As this becomes more common knowledge, user research practices like prototyping also evolve. This thinking yielded the extremely helpful technique of rapid prototyping, which increased the amount of testing and therefore the amount of feedback and user data.
But as time goes on, even this practice can, itself evolve. We’re now at a cusp of a more efficient form of rapid prototyping, where prototypes can be made even faster, and with less waste.
The reason is interactive wireframes, and they’re making an already good method of design even better.
The Overall Process
The practice of rapid prototyping was championed greatly by the Lean UX movement, which recognized early on the importance of talking directly with customers, solving problems through user research, and creating faster cycles between iterations.
Rapid prototyping garnered a large and devoted following, thanks to its effectiveness. The main benefit, which justifies doing it alone, is that designs decisions are based on continual, quantifiable data instead of guesswork. This is a concept familiar in Design Thinking; designers have the ability to test multiple options (divergence) and select the best based on analysis and data (convergence).
In addition, some secondary benefits include:
- Safeguard against poor choices — The frequent validation of decision choices checks for problem areas regularly, ensuring you stay on the right track.
- Earlier testing — Testing prototypes early lets you fix big-picture problems like information architecture before they become too difficult to change. The process can even be modified to test product concepts in the earliest brainstorming meetings.
- Justifications for stakeholders — Collecting data more frequently gives the designer firmer ground to stand on if their decisions are challenged by stakeholders.
The rapid prototyping process, as outlined by Lyndon Cerejo in his 2010 article for Smashing Magazine, can be reduced to a cycle of three repeating steps:
- Prototype — Build a prototype that incorporates previous data and educated projections.
- Review — Test the prototype with users and evaluate its performance.
- Refine — Isolate problematic areas and design solutions.
… and then start the cycle over. This is repeated until all the faults are hammered away and the testing yields the desirable results.
If this process seems vague, it’s for good reason. Rapid prototyping is highly flexible, and prototypes can be anything from pixel-perfect, fully interactive demos, to paper prototypes sketched on napkins.
Interactive Wireframes: Beyond a Dead-End Document
Another consequence of the popularity of Agile and Lean ideologies is calling into question the worth of wireframes. As processes are looking to trim the fat anywhere they can, wireframes seem more like just another unnecessary, throwaway deliverable.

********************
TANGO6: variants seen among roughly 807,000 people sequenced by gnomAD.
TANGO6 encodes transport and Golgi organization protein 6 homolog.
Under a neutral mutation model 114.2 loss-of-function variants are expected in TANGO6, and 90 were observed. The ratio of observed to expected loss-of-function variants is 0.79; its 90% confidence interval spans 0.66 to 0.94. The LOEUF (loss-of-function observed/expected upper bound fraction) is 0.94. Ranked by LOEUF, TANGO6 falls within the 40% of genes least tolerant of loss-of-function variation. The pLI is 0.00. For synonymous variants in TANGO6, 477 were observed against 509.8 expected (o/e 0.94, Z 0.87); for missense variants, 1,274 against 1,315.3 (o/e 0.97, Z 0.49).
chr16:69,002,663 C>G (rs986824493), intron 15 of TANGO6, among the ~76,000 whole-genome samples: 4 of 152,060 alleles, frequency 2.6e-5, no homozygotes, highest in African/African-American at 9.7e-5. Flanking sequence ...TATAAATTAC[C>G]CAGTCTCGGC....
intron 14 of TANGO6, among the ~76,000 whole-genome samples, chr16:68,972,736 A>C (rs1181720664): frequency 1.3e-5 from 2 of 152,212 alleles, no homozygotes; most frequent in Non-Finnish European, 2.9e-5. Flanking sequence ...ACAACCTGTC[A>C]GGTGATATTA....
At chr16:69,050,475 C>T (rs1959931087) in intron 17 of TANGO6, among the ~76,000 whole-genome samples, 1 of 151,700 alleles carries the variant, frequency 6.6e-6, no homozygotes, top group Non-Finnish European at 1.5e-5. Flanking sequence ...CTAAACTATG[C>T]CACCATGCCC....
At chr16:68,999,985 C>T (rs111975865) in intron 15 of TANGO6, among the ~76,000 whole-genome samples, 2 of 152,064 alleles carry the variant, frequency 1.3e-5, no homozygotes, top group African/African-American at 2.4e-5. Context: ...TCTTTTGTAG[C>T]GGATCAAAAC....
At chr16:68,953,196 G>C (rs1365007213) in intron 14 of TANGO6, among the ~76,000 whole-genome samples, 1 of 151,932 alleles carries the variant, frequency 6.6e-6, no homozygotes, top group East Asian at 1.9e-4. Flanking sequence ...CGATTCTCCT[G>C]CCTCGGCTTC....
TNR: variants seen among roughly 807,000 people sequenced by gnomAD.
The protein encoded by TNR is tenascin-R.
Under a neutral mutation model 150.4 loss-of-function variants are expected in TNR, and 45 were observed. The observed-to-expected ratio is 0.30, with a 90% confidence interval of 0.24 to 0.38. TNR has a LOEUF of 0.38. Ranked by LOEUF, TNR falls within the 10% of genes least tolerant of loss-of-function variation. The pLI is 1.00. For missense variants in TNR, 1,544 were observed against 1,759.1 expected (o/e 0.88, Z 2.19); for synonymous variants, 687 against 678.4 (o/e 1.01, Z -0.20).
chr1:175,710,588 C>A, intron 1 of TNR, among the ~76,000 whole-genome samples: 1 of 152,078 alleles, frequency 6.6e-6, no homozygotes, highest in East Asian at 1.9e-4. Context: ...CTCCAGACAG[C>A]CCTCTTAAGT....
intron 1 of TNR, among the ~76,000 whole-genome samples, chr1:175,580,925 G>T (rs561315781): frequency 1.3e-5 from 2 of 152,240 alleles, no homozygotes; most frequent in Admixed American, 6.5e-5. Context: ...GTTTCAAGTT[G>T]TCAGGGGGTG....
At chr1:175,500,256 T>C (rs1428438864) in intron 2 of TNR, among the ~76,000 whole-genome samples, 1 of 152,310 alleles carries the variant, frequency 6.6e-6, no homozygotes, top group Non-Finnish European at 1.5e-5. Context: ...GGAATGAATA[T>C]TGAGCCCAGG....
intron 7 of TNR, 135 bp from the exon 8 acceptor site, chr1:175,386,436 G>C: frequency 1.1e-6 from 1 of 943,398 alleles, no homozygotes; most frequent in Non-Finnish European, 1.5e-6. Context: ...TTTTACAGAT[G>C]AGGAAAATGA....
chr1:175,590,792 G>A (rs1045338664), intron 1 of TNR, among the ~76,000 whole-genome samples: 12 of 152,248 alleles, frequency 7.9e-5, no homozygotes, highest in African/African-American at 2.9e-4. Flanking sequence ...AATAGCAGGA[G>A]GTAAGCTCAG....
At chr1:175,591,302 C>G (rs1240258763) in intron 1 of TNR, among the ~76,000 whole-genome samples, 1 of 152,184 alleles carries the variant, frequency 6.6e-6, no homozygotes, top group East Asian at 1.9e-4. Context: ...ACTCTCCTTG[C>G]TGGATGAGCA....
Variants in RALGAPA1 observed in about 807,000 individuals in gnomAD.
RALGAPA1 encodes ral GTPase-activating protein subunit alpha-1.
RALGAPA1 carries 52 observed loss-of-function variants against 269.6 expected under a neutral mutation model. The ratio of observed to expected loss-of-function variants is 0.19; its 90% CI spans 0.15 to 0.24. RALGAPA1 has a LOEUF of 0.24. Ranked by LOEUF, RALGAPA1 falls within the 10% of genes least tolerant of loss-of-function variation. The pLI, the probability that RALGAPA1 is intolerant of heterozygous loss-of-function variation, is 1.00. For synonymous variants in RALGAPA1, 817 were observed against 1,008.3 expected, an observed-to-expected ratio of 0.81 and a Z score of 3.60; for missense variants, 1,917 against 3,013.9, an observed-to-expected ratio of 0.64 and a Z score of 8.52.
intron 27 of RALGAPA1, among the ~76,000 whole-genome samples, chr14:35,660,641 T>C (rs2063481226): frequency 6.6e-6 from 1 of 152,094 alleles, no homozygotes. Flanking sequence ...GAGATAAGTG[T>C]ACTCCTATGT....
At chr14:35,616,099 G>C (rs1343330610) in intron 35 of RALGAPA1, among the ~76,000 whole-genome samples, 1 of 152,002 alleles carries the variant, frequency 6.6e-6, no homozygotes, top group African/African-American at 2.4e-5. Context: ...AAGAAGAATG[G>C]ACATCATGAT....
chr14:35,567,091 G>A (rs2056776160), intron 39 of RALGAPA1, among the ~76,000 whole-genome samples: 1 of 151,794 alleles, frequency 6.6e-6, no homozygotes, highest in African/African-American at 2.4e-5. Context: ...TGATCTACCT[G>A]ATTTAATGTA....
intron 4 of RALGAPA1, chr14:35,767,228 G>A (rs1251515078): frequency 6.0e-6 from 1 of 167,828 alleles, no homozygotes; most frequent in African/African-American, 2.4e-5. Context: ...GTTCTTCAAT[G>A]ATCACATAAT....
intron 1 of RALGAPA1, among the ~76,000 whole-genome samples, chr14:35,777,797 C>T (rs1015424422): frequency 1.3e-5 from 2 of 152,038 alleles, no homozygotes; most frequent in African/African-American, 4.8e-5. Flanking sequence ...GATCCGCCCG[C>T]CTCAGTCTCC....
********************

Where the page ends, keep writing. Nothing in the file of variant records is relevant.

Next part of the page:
The thing is, in a way they’re right. Static wireframe critics make some good points, namely that wireframes slow down the rapid prototyping process with an extra step before designers create a functioning system.
When you create an interactive wireframe, however, you connect two stages of the design process together.
How Interactive Wireframes Improve Rapid Prototyping
So what we have now are the ability to create lo-fi prototypes quickly, easily, and with few resources.
Interactive wireframes allow testing early, almost right from the start. Whereas later stage prototypes tested more complete, near-final product versions, interactive wireframes open up testing to crucial early elements.
Photo credit: UXPin
Aspects like navigation, information architecture, and general layouts can be tested almost immediately, with the feedback integrated before moving on to higher fidelities. Making base-level IA modifications are easy at the beginning, but sometimes require entire upheavals at the end, not to mention wasted work on graphics.
True, lo-fi prototypes don’t examine the details like visuals, gut responses, call-to-action success, or advanced usability. But in the early stages, these factors aren’t as important as the fundamentals. Besides these elements aren’t neglected; they are still tested with later, hi-fi prototypes.
With the addition of interactive wireframes, the rapid prototyping process looks something like this:
So, in short, the advantage of interactive wireframe is that they enhance the same benefits of rapid prototyping, opening up user feedback earlier, and the capacity to hone early stage elements before they become more difficult to change later.
Best Practices for Interactive Wireframes
Because interactive wireframes are relatively new on the scene, keep these best practices in mind:
- Test multiple lo-fi prototypes at once — Use their simplicity to your advantage. Because they’re so easy to make, you can build and test prototypes for different ideas if you’re undecided about a direction. This also provides more room to experiment with new ideas.
- Know when to stop — You could, conceivably, test interactive wireframes endlessly, continually refining until every last piece is perfect. This would be a waste of time, though — lo-fi prototypes are only a portion of the entire process. Test until the major concerns are satisfied, and then move on to higher-fidelity testing for the fine points.
Photo credit: UXPin
- Collaborate before testing — As with all user testing, involve other departments in the process. Take the time beforehand to ask their input — answering their questions in the testing as well as your own will make the product fuller and more capable of fulfilling all its goals.
The concepts this article touches on are explored more thoroughly in our free ebook The Guide to Interactive Wireframes.
Written by Professor Tom Green of the Humber Institute of Technology and Advanced Learning, this guide runs through the process of creating interactive wireframes step-by-step, illustrating concepts through screenshots and explaining how they can fit into design processes.